Country singer Chris Stapleton releases a new album, Traveller, on Tuesday. It’s Stapleton’s solo debut at age 37, but you’ve been probably been hearing him for years without knowing it: As a Nashville songwriter, he’s written songs for nearly every big name in country music and served as a backup singer on many of these tracks. Get to know his style by listening to tunes he penned — as sung by Lee Ann Womack, Blake Shelton, Adele and others.
Gary Allan, “Drinkin’ Dark Whiskey”
See If I Care (2003)
One of Stapleton’s first great album cuts was Gary Allan’s “Drinkin’ Dark Whiskey.” (Since then, Stapleton has written a number of excellent songs inspired by whiskey, several of which appear on his solo debut.) This is a country romp, sludgy and hard-headed and enthusiastic, with DNA that reaches back to the earliest mixtures of rockabilly and the blues. (Stapleton recorded this again when he served as frontman for the Steeldrivers.)
Julie Roberts, “Rain on a Tin Roof”
Julie Roberts (2004)
Roberts’ “Rain on a Tin Roof” offered early proof that Stapleton had a great gift for heart-wrenching songs. It’s a sparely constructed so that every instrument has plenty of room to drip with misery and longing. Sitting firmly at the intersection of country and adult contemporary, this should have been as big a hit as Bonnie Raitt’s “I Can’t Make You Love Me.”
Kenny Chesney, “Never Wanted Nothing More”
Just Who I Am: Poets And Pirates (2007)
Satisfaction and comfort has been Chesney’s calling card – at least since 2002’s No Shirt, No Shoes, No Problems— and this Stapleton track fits him like a glove. As the title suggests, Chesney “never wanted nothing more” than what he has already; luckily for him, the events described in the song just keep getting better and better. The guitar here is reminiscent of the Grateful Dead’s classic “Sugar Magnolia,” another buoyant song about total contentment.
Lee Ann Womack, “Either Way”
Call Me Crazy (2008)
Few genres describe tragedy better than country, but Womack’s “Either Way” pushes past sadness into post-melancholy, an even more devastating state where the singer is completely numb to the world around her. The song’s first line — “we pass in the hall, on our way to separate rooms/ the only time we ever talk is when our monthly bills are due” — is enough to turn anyone off matrimony for life. You can hear Stapleton add his other-worldly holler behind Womack on the hook: “you can go or you can stay, I won’t love you either way.”
Blake Shelton, “100 Miles”
Startin’ Fires (2008)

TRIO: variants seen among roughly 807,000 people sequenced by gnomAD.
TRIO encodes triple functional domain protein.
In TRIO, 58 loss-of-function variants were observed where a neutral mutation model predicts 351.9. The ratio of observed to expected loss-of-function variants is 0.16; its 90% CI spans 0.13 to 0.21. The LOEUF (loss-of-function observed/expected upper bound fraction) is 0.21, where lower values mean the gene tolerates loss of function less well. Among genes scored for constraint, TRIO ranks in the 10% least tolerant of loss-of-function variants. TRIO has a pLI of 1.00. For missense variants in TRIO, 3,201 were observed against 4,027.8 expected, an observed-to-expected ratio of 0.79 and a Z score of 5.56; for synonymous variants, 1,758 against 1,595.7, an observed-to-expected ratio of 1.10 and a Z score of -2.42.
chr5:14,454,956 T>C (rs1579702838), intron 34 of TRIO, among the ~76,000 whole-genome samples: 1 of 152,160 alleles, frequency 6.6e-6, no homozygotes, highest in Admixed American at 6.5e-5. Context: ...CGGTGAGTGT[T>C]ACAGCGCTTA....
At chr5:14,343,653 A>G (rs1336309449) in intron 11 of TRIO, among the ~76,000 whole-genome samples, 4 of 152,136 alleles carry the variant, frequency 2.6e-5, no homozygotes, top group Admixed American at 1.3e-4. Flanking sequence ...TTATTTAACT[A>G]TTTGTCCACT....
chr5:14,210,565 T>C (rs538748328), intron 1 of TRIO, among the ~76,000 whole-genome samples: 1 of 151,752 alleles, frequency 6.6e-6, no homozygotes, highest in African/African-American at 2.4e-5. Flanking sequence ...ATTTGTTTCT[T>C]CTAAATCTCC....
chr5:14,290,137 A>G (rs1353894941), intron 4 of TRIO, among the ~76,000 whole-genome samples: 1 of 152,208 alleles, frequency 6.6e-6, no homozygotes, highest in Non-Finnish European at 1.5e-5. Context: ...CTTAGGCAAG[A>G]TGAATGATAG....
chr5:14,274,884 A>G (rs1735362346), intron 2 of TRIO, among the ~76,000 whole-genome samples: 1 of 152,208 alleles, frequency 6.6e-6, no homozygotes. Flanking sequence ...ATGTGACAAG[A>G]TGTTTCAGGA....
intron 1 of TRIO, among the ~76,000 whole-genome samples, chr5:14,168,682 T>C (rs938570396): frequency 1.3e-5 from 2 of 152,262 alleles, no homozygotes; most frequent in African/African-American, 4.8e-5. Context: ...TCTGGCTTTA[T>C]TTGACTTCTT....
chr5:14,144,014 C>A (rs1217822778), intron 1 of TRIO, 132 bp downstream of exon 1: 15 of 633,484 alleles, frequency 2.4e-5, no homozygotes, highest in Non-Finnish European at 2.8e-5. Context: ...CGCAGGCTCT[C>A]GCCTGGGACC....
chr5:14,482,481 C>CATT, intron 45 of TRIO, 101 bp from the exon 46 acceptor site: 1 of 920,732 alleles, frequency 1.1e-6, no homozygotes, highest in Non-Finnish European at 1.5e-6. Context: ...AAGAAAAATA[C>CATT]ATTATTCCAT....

7 years can be an eternity in pop music; if you go back to Shelton’s early music, it’s a world away from his current country-rap-pop crossover hits like “Boys ‘Round Here.” This tune is old-school to the core, opening with a gentle lead guitar, an aching line of pedal steel, and a touch of organ. Shelton sings the hook in a jumbled, breathless rush, pleading with his ex to forgive him and take him back. Stapleton’s backing vocals add toughness and grit to Shelton’s croon.
Steeldrivers, “Where Rainbows Lie”
Stapleton served as the frontman for the Steeldrivers on two albums. “Where Rainbows Lie” remains one of their most powerful songs, with an easy guitar riff — doubled on the banjo — that could play equally well in a small room or a large stadium (if we lived in a world where a band like the Steeldrivers got to play in stadiums). Stapleton applies a little Willie Nelson-like quaver to his singing in the song’s opening portion; he’s biding his time and gathering his strength so he can rip into the hook. It’s a tune about aging, and there’s plenty of sadness here, but also the promise of freedom.
Adele, “If It Hadn’t Been for Love”
21 (Deluxe Edition) (2011)
On the deluxe edition of her blockbuster second album, Adele included a straightforward cover of a song from The Steeldrivers’ self-titled debut, released in 2008. Adele has recorded several covers in her career, mostly of tunes from famous artists — Sam Cooke, Bob Dylan and the Cure. Add Chris Stapleton to the list.
Luke Bryan, “Drink a Beer”
Crash My Party (2013)
This song gave Stapleton a lot of exposure when he helped Bryan perform it at the 2013 CMAs. At the 2014 CMT “Artists of the Year” event, Stapleton accompanied Lady Antebellum in a touching tribute rendition after the death of Bryan’s brother-in-law.
Kellie Pickler, “Ring for Sale”
The Woman I Am (2013)
Stapleton plays both sides of the fence: he’ll make you weep, but his tracks are also some of the hardest you’ll find in Nashville. Pickler’s “Ring for Sale” is ringing southern rock. Pickler’s been cheated on, but she doesn’t give a damn — the guitars are too jaunty for any melancholy. “I’d love to hit him,” Pickler sings, “so I’m gonna hit him, hit him right where it hurts.” Stapleton adds a well-timed backing vocal just as Pickler sings “hit him,” a clever sonic evocation of that imagined blow.
Jason Aldean, “Too Fast”
Old Boots, New Dirt (2014)
Stapleton landed a cut on Aldean’s most recent album, like Shelton’s “100 Miles,” from years earlier, this is a declaration of love after mistakes were made: “Wanna be the man that you thought I was, wanna be the man that made you fall in love,” sings Aldean. “Can’t undo everything I’ve done, let me tell you right now, baby you’re the only one.” Stapleton is a rock on the chorus (as per usual), which nods to Dobie Gray‘s classic “Drift Away.”